The basic story outline is:
1) Character development, reveal a clue about what is Really Going On.
2) Gun porn
3) Good Guys and Bad Guys fight. Bad Guys kick the living daylights out of the good guys, but just when all hope is lost a Good Guy suddenly gets better magic or a new magic power that saves the Good Guys from the Bad Guys for the next battle.
go to step 1 until Final Battle.
4) Fight Final Battle, I won't spoil it by telling you which team wins.
5) Reveal a clue about the next book in the series.
I hear what you are saying: 'Well Jim, why did you give this book four stars overall'?
That's a fair question. The answer is in Step 1 above, and in the excellent of the narrator and overall high quality of the audio production.
Correia isn't Mr.Original when it comes to plotting, but he excels at creating interesting characters.
The characters, both Good Guys and Bad Guys are fascinating. I really enjoyed how the Bad Guys had what for them were very rational reasons for doing what the reader perceives as Bad Things.
Likewise the Good Guys really are motivated to do what the reader will perceive as good things, yet the Good Guys are far from perfect, having many weaknesses and frequent mixed motivations.
The Bad Guys don't feel bad at all about collateral damage along the story. Collateral damage makes the Good Guys kind of sad. But really, the Good Guys don't lose a lot of sleep over that either.
The complexity of the characters and the motivations for their actions kept me going to the end of the book, even though the fight scenes got a little tiresome as time went on.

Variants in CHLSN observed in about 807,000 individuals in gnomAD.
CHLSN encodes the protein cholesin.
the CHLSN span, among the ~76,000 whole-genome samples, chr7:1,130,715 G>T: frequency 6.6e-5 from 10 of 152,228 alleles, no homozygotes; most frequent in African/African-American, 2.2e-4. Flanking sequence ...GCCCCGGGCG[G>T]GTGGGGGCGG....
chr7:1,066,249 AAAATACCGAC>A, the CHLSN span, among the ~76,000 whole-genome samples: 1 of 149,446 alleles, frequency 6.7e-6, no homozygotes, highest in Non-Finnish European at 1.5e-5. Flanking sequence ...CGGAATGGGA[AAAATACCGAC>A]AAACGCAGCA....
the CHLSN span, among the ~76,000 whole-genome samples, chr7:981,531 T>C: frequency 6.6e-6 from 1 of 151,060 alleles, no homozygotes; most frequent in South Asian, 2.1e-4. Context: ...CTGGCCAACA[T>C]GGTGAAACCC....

[Caution, this is a very bloody book, not suitable for small children.]
The narration was excellent, Bronson Pinchot does a great job of voicing each of the many characters in the huge ensemble. The audio production overall was first rate, no bungled edits, no distracting breathing, no compression artifacts.
If you like the idea of an alternate steam punk post WWI magical war with lots of magical fighting, then this book is for you!
If, like me, you are fan of military or history related hard SciFi don't be afraid to give one of Correia's books a chance. You might, like me, enjoy it!
I was aware of the band called Rush, but didn't care for the little bit of their music I had heard in the past.
I had never heard the name 'Neil Peart' until a month ago when I listened to 'Ghost Rider'. I wouldn't call Ghost Rider an enjoyable book due to its central tragedy, but it was certainly well written and compelling.
I used my next credit for 'Roadshow'. This is a much more enjoyable book. It was interesting to learn how a big traveling music show operates.
I do have a little bit in common with Mr. Peart, we were both born in 1952 and we both like touring motorcycles. I've always been a shy person around strangers, but I can see I'm Mr Outgoing compared to this author.
Mr Peart's relationship with his fans is interesting. He appreciates them, but he's also very frightened by them. So frightened that immediately after a show ends he usually runs to his bus and 'gets of dodge' as quickly as he can.
The 'my fans scare me' theme runs throughout this book. Another theme is the authors love/hate relationship with the United States. I think love is winning out.